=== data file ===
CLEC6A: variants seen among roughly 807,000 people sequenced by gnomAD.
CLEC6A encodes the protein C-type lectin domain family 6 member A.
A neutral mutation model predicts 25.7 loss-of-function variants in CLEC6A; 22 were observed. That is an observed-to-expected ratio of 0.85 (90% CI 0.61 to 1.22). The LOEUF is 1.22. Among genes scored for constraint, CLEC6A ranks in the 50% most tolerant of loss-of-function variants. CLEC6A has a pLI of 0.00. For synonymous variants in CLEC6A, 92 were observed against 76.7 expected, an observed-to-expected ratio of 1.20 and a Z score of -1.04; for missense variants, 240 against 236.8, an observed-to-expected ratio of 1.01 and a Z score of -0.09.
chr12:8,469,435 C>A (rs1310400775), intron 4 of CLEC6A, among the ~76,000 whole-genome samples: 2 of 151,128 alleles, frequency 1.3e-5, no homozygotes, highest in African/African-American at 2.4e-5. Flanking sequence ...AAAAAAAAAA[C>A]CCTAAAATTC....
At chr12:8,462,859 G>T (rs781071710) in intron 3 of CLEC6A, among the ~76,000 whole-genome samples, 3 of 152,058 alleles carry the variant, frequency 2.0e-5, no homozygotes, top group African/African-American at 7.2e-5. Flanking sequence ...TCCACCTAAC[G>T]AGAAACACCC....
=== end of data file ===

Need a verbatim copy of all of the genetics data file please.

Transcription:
CLEC6A: variants seen among roughly 807,000 people sequenced by gnomAD.
CLEC6A encodes the protein C-type lectin domain family 6 member A.
A neutral mutation model predicts 25.7 loss-of-function variants in CLEC6A; 22 were observed. That is an observed-to-expected ratio of 0.85 (90% CI 0.61 to 1.22). The LOEUF is 1.22. Among genes scored for constraint, CLEC6A ranks in the 50% most tolerant of loss-of-function variants. CLEC6A has a pLI of 0.00. For synonymous variants in CLEC6A, 92 were observed against 76.7 expected, an observed-to-expected ratio of 1.20 and a Z score of -1.04; for missense variants, 240 against 236.8, an observed-to-expected ratio of 1.01 and a Z score of -0.09.
chr12:8,469,435 C>A (rs1310400775), intron 4 of CLEC6A, among the ~76,000 whole-genome samples: 2 of 151,128 alleles, frequency 1.3e-5, no homozygotes, highest in African/African-American at 2.4e-5. Flanking sequence ...AAAAAAAAAA[C>A]CCTAAAATTC....
At chr12:8,462,859 G>T (rs781071710) in intron 3 of CLEC6A, among the ~76,000 whole-genome samples, 3 of 152,058 alleles carry the variant, frequency 2.0e-5, no homozygotes, top group African/African-American at 7.2e-5. Flanking sequence ...TCCACCTAAC[G>T]AGAAACACCC....